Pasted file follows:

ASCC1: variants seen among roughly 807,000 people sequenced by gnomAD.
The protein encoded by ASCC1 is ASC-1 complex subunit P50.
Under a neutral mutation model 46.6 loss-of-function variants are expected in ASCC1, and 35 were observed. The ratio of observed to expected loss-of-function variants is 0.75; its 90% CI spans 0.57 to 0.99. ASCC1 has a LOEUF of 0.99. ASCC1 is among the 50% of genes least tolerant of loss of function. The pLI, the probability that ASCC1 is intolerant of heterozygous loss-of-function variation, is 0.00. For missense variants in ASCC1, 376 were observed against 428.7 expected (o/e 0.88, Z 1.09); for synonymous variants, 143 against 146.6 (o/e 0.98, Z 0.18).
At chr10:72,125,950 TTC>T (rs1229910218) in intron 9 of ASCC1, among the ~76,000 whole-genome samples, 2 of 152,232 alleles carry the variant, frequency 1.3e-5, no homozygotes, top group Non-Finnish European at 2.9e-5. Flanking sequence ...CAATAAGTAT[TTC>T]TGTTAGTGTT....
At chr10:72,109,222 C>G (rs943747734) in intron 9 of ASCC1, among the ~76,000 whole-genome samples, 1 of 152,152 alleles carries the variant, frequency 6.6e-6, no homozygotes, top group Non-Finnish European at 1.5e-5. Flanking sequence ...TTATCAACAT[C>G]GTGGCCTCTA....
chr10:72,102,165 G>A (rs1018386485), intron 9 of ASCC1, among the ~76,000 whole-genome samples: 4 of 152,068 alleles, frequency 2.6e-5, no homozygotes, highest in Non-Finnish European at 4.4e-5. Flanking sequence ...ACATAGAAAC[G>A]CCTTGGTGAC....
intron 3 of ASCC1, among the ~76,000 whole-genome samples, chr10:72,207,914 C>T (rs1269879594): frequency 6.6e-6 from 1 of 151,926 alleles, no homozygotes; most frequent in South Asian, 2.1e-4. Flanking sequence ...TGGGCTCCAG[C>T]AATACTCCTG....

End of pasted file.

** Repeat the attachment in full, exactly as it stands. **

ASCC1: variants seen among roughly 807,000 people sequenced by gnomAD.
The protein encoded by ASCC1 is ASC-1 complex subunit P50.
Under a neutral mutation model 46.6 loss-of-function variants are expected in ASCC1, and 35 were observed. The ratio of observed to expected loss-of-function variants is 0.75; its 90% CI spans 0.57 to 0.99. ASCC1 has a LOEUF of 0.99. ASCC1 is among the 50% of genes least tolerant of loss of function. The pLI, the probability that ASCC1 is intolerant of heterozygous loss-of-function variation, is 0.00. For missense variants in ASCC1, 376 were observed against 428.7 expected (o/e 0.88, Z 1.09); for synonymous variants, 143 against 146.6 (o/e 0.98, Z 0.18).
At chr10:72,125,950 TTC>T (rs1229910218) in intron 9 of ASCC1, among the ~76,000 whole-genome samples, 2 of 152,232 alleles carry the variant, frequency 1.3e-5, no homozygotes, top group Non-Finnish European at 2.9e-5. Flanking sequence ...CAATAAGTAT[TTC>T]TGTTAGTGTT....
At chr10:72,109,222 C>G (rs943747734) in intron 9 of ASCC1, among the ~76,000 whole-genome samples, 1 of 152,152 alleles carries the variant, frequency 6.6e-6, no homozygotes, top group Non-Finnish European at 1.5e-5. Flanking sequence ...TTATCAACAT[C>G]GTGGCCTCTA....
chr10:72,102,165 G>A (rs1018386485), intron 9 of ASCC1, among the ~76,000 whole-genome samples: 4 of 152,068 alleles, frequency 2.6e-5, no homozygotes, highest in Non-Finnish European at 4.4e-5. Flanking sequence ...ACATAGAAAC[G>A]CCTTGGTGAC....
intron 3 of ASCC1, among the ~76,000 whole-genome samples, chr10:72,207,914 C>T (rs1269879594): frequency 6.6e-6 from 1 of 151,926 alleles, no homozygotes; most frequent in South Asian, 2.1e-4. Flanking sequence ...TGGGCTCCAG[C>T]AATACTCCTG....